Three Improvisations ( 3つの重要な即興) : Zorn, Parker, and Goldstein.


Talisman (Live In Nagoya) 

名古屋 (1994)

Nov. 24th, 1994: 2002 Tzadik TZ 7342

  1. Batrachophrenoboocosmomachia       31: 55
  2. Transport Of Sorcerers                          6:10
  3. Ahamkara                                              10: 00

John Zorn is a saxophonist/multi-instrumentalist composer and arranger and is considered a key figure in the downtown avant-garde which formed in the late Seventies/early Eighties in New York. Inspired by Japanese culture, film noir, and such music as Carl Stalling’s cartoon soundtracks, he is easily one of America’s most original and creative composers, also working with various gaming principles to determine his music’s direction in such works as the composition/game strategy COBRA which consists of a numbered of instructional cards and activities led by a conductor. He runs his own record label TZADIK, and is known for his high personal output of eclectic hybrid ensembles performing challenging, modern music, exemplified by his Masada and Naked City groups, and this particular recording (under the band name PainKiller )

This particular John Zorn project contains non-structured, un-metered freely improvised soloing mixed with Jamaican dub-styled bass playing and heavy metal drumming into an improvised performance that is equal parts all three, just as easily a freely improvised dub or heavy metal album if it was also promoted under either bassist Bill Laswell’s or drummer Mike Harris’ name. As the leader is Zorn though and he is known for his freely improvised, take-no prisoner’s approach to timbre and tonality, this is (arguably) an excellent example of free improvisation influenced by free jazz (though once again it must be stated that Zorn himself does not self-identify as any one kind of musician).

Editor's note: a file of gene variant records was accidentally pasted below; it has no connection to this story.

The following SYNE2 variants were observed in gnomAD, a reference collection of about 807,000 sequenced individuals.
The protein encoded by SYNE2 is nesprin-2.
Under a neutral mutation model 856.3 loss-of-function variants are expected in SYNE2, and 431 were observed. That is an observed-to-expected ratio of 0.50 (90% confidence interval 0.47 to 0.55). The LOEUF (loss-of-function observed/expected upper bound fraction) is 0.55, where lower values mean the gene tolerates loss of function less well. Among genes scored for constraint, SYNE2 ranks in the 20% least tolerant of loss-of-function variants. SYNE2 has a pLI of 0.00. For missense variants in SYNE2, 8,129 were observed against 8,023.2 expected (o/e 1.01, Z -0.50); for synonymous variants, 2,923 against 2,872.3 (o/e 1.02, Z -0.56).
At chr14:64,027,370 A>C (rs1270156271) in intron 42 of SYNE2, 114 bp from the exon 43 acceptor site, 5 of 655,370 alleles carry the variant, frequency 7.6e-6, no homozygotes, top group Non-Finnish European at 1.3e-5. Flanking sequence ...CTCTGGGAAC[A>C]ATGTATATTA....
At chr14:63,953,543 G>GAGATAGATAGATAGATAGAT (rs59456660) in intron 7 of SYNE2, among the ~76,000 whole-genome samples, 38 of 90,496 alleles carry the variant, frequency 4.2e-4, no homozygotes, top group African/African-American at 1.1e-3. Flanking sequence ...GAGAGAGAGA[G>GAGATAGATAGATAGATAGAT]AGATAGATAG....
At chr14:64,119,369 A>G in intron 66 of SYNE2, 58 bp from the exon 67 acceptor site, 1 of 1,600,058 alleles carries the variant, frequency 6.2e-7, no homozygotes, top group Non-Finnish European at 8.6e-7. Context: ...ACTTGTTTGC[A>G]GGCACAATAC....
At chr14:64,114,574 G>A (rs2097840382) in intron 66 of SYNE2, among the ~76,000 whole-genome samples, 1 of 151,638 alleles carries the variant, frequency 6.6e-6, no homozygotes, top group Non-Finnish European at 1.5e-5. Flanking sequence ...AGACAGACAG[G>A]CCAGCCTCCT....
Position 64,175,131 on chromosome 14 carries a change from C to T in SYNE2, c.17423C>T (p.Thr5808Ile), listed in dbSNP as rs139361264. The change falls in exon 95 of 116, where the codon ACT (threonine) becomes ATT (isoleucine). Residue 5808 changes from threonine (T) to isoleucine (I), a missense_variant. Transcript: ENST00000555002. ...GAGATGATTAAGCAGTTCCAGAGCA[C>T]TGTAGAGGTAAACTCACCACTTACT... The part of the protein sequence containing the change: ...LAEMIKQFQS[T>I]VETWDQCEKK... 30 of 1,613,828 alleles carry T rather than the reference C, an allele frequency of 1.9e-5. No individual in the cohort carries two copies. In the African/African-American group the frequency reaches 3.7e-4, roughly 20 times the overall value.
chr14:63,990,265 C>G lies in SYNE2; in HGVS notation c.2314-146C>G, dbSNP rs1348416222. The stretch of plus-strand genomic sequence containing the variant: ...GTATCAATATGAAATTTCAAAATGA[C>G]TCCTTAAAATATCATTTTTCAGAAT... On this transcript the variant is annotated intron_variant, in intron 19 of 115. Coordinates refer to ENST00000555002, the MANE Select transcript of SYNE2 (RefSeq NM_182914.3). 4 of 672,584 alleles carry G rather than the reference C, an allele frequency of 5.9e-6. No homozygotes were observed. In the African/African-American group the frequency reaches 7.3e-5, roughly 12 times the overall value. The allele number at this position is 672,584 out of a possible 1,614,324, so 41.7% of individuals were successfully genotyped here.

London Air Lift


December 20, 1996: 1997 Free Music Production FMPCD 89

  1. Fly Vision                                15:48
  2. London Air Lift                          5:14
  3. The Drop                                 12:39
  4. Neighbouring Instances           3:34
  5. Mayday                                    5:35
  6. One Thousands Clicks            9:34
  7. Half And Half                           5:28
  8. Rough Diamond-Harry            5:16

This collective (Russell/Edwards/Sanders), led by Evan Parker, consists of guitar, double bass, drums and percussion, and Parker playing both soprano and tenor saxophone. It is an excellent example of Parker’s technical virtuosity in pitch and timbre variation, slap tonguing, circular breathing, and other contemporary techniques as he interacts with the others, all of which are associated with the London school connected to John Steven’s Spontaneous Music Ensemble (SME), and the music reflects this influence (liner notes: pp. 5-6). This recoding is also an excellent example of the innovation of the British free improvisation scene and the difference between it and the American scene of the same period. While the American free improvisation scene during this time was organized around collective soloing, the SME were organized around the idea of music making as collective accompaniment, each musician contributing to an overall sound without any distinct individualistic ‘soloing’ (p. 5).